|Publication number||US8120143 B2|
|Application number||US 12/034,728|
|Publication date||Feb 21, 2012|
|Filing date||Feb 21, 2008|
|Priority date||Jan 10, 2006|
|Also published as||CN100479132C, CN101000890A, US7585722, US20070158717, US20080130200|
|Publication number||034728, 12034728, US 8120143 B2, US 8120143B2, US-B2-8120143, US8120143 B2, US8120143B2|
|Inventors||Daniel C. Edelstein, Anil K. Chinthakindi, Timothy J. Dalton, Ebenezer E. Eshun, Jeffrey P. Gambino, Sarah L. Lane, Anthony K. Stamper|
|Original Assignee||International Business Machines Corporation|
|Export Citation||BiBTeX, EndNote, RefMan|
|Patent Citations (7), Non-Patent Citations (1), Referenced by (2), Classifications (14), Legal Events (3)|
|External Links: USPTO, USPTO Assignment, Espacenet|
This application is a divisional patent application of pending U.S. patent application Ser. No. 11/306,746, entitled “Integrated Circuit Comb Capacitor,” filed on Jan. 10, 2006.
1. Field of the Invention
The invention relates generally to semiconductor devices, and more particularly to an improved integrated circuit comb capacitor.
2. Description of the Related Art
As ULSI integrated circuits scale to smaller dimensions and increased function and circuit density, many electronic functions that were formerly off-chip are now being incorporated on-chip. These then take advantage of fabrication economies as well as reduced electrical signaling distances to become cheaper and add higher system function and higher performance. One family of devices that has been the focus of increased innovation for on-chip integration is BEOL passive devices. Although interconnects themselves are, strictly speaking, also passive devices, that term is conventionally applied to other passive electronic devices such as resistors, capacitors, inductors, and varactors. Although resistors and capacitors have always been integrated in the FEOL for transistor logic circuits, those FEOL passive devices suffer from voltage nonlinearities and unwanted parasitic impedances that render them not useful for many types of analogue circuits such as for RF or wireless applications. Inductors in general can only obtain useful parameters when integrated in the BEOL wiring levels.
For BEOL capacitors, the most common type of device is the planar metal-insulator-metal (MIM) parallel plate capacitor. This requires one or more added photomask levels to fabricate lower and upper electrode plates, the capacitor dielectric, and contacts to the plates. These are usually distinct from other interconnects and via contacts formed in the same wiring level. The disadvantages of MIM capacitors is the number of added masks and process steps, the asymmetry in parasitic capacitive coupling to the substrate of the upper and lower electrodes, the limited dielectric reliability at the small thicknesses needed for sufficient capacitance density, and the chip real-estate occupied which often requires exclusion of wiring from areas directly below the MIM capacitor.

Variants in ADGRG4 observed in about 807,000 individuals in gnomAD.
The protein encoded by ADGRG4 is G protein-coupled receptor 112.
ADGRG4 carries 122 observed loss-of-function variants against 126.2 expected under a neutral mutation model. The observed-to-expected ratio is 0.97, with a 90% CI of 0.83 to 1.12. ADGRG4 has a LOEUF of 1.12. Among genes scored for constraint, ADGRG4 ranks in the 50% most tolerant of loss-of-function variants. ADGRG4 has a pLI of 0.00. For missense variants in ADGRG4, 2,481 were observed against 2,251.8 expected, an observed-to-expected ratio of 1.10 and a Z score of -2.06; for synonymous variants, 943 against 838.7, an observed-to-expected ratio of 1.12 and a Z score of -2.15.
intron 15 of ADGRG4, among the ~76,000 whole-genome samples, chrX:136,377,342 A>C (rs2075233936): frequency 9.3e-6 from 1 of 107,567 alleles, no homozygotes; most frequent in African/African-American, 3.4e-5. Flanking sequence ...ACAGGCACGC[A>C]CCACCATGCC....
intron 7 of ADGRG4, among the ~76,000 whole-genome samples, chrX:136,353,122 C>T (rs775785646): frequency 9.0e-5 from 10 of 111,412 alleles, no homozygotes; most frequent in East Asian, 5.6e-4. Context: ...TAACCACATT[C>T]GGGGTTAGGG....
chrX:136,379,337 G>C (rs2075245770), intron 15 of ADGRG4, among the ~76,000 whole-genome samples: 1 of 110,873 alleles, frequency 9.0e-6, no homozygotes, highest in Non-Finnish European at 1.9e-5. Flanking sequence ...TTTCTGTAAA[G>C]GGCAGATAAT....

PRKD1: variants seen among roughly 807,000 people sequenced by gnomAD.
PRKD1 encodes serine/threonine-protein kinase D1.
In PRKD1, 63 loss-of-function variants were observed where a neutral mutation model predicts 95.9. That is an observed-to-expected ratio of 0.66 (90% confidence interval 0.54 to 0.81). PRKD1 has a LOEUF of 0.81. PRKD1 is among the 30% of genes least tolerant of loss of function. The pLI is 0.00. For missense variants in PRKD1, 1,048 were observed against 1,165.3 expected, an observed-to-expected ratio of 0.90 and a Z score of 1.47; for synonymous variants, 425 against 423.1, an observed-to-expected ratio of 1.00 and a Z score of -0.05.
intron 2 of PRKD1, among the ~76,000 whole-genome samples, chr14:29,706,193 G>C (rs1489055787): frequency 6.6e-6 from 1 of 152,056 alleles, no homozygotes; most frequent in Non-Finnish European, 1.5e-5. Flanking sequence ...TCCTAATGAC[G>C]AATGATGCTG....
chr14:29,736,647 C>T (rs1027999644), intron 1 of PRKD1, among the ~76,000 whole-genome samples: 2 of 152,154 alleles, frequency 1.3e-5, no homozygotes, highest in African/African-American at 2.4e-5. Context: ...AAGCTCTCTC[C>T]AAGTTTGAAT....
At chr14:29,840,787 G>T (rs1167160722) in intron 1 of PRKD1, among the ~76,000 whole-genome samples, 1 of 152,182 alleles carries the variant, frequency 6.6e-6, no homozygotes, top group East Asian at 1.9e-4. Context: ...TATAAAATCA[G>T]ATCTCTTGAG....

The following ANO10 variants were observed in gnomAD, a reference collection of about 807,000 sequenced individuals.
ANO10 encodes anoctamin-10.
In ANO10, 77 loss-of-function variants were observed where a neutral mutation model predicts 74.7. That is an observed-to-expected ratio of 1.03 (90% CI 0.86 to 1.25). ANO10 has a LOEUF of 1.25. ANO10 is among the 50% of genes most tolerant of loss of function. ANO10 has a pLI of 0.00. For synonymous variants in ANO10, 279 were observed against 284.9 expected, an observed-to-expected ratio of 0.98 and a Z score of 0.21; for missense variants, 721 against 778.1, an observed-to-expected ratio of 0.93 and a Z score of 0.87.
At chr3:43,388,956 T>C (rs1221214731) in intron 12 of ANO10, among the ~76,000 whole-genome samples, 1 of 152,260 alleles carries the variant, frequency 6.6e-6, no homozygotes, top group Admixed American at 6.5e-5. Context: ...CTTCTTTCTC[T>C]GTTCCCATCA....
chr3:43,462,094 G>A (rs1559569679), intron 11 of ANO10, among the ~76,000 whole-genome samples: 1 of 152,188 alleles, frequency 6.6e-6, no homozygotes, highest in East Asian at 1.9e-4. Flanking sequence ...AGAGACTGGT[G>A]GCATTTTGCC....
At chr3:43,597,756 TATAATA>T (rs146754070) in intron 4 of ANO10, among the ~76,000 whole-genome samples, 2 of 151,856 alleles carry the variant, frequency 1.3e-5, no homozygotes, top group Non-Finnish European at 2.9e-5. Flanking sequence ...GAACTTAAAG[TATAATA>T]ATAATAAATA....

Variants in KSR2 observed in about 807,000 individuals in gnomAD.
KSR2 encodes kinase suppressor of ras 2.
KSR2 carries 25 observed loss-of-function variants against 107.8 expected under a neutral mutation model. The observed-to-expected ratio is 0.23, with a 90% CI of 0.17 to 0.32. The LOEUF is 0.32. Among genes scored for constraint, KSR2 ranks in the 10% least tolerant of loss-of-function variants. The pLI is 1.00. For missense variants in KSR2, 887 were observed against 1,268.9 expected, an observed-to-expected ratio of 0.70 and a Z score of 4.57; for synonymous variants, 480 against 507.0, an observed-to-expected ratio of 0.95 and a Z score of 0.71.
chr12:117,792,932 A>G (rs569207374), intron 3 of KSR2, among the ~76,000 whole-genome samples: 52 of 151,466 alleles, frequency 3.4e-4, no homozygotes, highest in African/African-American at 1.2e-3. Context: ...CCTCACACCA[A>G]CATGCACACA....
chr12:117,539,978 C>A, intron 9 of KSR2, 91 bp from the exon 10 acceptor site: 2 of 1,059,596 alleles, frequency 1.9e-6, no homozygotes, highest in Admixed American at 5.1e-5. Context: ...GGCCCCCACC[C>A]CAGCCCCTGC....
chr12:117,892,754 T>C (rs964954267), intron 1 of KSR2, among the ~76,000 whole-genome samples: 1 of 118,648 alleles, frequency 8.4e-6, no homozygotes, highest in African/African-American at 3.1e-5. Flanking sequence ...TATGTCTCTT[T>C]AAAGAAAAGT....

Another type of BEOL capacitor is the interdigitated comb-comb type; this is comprised of multiple line-to-line capacitor fingers connected in parallel (so their capacitances add) with alternating bias between each pair of lines. The devices rely on standard wiring sidewall depths and minimum interline spacings to maximize their capacitances. These dimensions are such that a single-level comb-comb capacitance density is much smaller per unit layout area than what is possible with the MIM capacitors, and as well the typically larger dimensional deviations associated with the interconnect thicknesses and spacings may make it more challenging to meet design specifications. On the other hand, the interdigitated integrated circuit comb capacitor requires no additional photomasks or processing steps (as long as the same interline dielectric is used) and has no asymmetry in parasitic coupling to the substrate for the two electrodes.
More recently, an enhancement to the integrated circuit comb capacitor 150 has been described which solves some of the aforementioned problems. Called the vertical parallel plate (VPP) capacitor, this is comprised of multilevel stacks of interdigitated integrated circuit comb capacitors 150. With VPP capacitors, areal capacitance densities equal those of the MIM devices, there are still no added photomasks or processing steps, and there is still no asymmetry in parasitics for both electrodes. In addition, when multiple levels are combined, the statistical variations in linewidth and spacing dimensions tend to average out so that more uniform results, better matching, and tighter tolerances may be obtained from chip to chip and wafer to wafer. The disadvantage is the number of levels and layout area required to achieve a given capacitance.
This disadvantage becomes larger for integration of the VPP capacitor in modern low-k BEOL levels, where capacitance density decreases directly in proportion to the decrease in the interline and interlevel dielectric constants. This disadvantage does not apply to the MIM case which uses a separate capacitor dielectric. However, the other disadvantages of the MIM capacitor remain for integration in low-k BEOL. In addition, with CMOS scaling driving reductions in all wiring dimensions, the interlevel BEOL vertical spacings decrease while the MIM thickness does not, such that fabrication becomes difficult or impossible due to excessive topography over the MIM areas.
Given the above discussion, there is still a need to obtain larger capacitance densities especially for low-k BEOL integrated capacitors, while adding minimal masking levels, minimizing capacitance tolerances, and preserving symmetry in electrode-substrate coupling parasitics.
What is needed in the art is an improved low-k BEOL integrated circuit comb capacitor, which minimizes capacitance tolerances and preserves symmetry in parasitic electrode-substrate coupling and that is created with a minimum of additional masking levels or process steps.
The invention is directed to a method and structure. More specifically, the method of the invention is directed to a method for creating a capacitor that comprises a forming and modifying step. The forming step comprises forming a capacitor opening and a non-capacitor opening in dielectric, while the modifying step comprises modifying the dielectric along the surfaces of the capacitor opening such that the modification increases the capacitance of the capacitor. More specifically, the structure of the invention is directed to a capacitor that comprises non-capacitor and capacitor openings. The non-capacitor openings are formed in dielectric and have a prescribed spacing between nearest neighboring non-capacitor openings in same metal line level, while the capacitor openings formed in the dielectric in the same metal line level as the non-capacitor openings have a spacing between nearest neighboring capacitor openings that is less than the prescribed spacing between nearest neighboring non-capacitor openings.